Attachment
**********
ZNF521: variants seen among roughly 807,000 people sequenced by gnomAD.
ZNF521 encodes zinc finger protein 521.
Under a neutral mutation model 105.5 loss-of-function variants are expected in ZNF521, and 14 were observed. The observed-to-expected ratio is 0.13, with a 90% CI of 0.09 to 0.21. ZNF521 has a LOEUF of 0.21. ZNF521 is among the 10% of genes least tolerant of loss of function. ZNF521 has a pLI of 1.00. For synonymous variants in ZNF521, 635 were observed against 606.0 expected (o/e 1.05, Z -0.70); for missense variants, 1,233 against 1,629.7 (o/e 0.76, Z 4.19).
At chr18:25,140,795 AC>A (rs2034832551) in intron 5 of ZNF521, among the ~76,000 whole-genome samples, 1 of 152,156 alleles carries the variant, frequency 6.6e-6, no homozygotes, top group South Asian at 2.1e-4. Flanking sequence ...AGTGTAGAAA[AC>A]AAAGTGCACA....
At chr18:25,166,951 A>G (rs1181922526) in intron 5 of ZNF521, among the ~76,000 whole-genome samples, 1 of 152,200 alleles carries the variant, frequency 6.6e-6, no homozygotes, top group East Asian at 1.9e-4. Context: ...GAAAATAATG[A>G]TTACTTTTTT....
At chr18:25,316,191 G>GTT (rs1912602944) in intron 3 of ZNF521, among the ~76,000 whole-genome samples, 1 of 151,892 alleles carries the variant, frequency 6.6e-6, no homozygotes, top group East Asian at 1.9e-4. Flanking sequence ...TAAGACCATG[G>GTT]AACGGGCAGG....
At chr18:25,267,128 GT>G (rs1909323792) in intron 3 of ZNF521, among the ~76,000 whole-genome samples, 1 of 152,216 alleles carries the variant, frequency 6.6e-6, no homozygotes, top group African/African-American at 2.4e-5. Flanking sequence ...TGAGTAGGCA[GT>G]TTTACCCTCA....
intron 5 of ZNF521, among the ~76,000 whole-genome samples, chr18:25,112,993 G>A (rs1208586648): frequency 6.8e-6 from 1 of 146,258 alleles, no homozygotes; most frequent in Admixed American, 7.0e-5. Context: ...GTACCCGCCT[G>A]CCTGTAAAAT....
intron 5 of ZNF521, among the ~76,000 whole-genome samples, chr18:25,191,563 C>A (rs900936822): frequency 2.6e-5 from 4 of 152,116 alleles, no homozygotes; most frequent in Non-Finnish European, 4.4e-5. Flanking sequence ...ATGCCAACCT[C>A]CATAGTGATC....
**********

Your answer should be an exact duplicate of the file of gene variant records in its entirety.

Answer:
ZNF521: variants seen among roughly 807,000 people sequenced by gnomAD.
ZNF521 encodes zinc finger protein 521.
Under a neutral mutation model 105.5 loss-of-function variants are expected in ZNF521, and 14 were observed. The observed-to-expected ratio is 0.13, with a 90% CI of 0.09 to 0.21. ZNF521 has a LOEUF of 0.21. ZNF521 is among the 10% of genes least tolerant of loss of function. ZNF521 has a pLI of 1.00. For synonymous variants in ZNF521, 635 were observed against 606.0 expected (o/e 1.05, Z -0.70); for missense variants, 1,233 against 1,629.7 (o/e 0.76, Z 4.19).
At chr18:25,140,795 AC>A (rs2034832551) in intron 5 of ZNF521, among the ~76,000 whole-genome samples, 1 of 152,156 alleles carries the variant, frequency 6.6e-6, no homozygotes, top group South Asian at 2.1e-4. Flanking sequence ...AGTGTAGAAA[AC>A]AAAGTGCACA....
At chr18:25,166,951 A>G (rs1181922526) in intron 5 of ZNF521, among the ~76,000 whole-genome samples, 1 of 152,200 alleles carries the variant, frequency 6.6e-6, no homozygotes, top group East Asian at 1.9e-4. Context: ...GAAAATAATG[A>G]TTACTTTTTT....
At chr18:25,316,191 G>GTT (rs1912602944) in intron 3 of ZNF521, among the ~76,000 whole-genome samples, 1 of 151,892 alleles carries the variant, frequency 6.6e-6, no homozygotes, top group East Asian at 1.9e-4. Flanking sequence ...TAAGACCATG[G>GTT]AACGGGCAGG....
At chr18:25,267,128 GT>G (rs1909323792) in intron 3 of ZNF521, among the ~76,000 whole-genome samples, 1 of 152,216 alleles carries the variant, frequency 6.6e-6, no homozygotes, top group African/African-American at 2.4e-5. Flanking sequence ...TGAGTAGGCA[GT>G]TTTACCCTCA....
intron 5 of ZNF521, among the ~76,000 whole-genome samples, chr18:25,112,993 G>A (rs1208586648): frequency 6.8e-6 from 1 of 146,258 alleles, no homozygotes; most frequent in Admixed American, 7.0e-5. Context: ...GTACCCGCCT[G>A]CCTGTAAAAT....
intron 5 of ZNF521, among the ~76,000 whole-genome samples, chr18:25,191,563 C>A (rs900936822): frequency 2.6e-5 from 4 of 152,116 alleles, no homozygotes; most frequent in Non-Finnish European, 4.4e-5. Flanking sequence ...ATGCCAACCT[C>A]CATAGTGATC....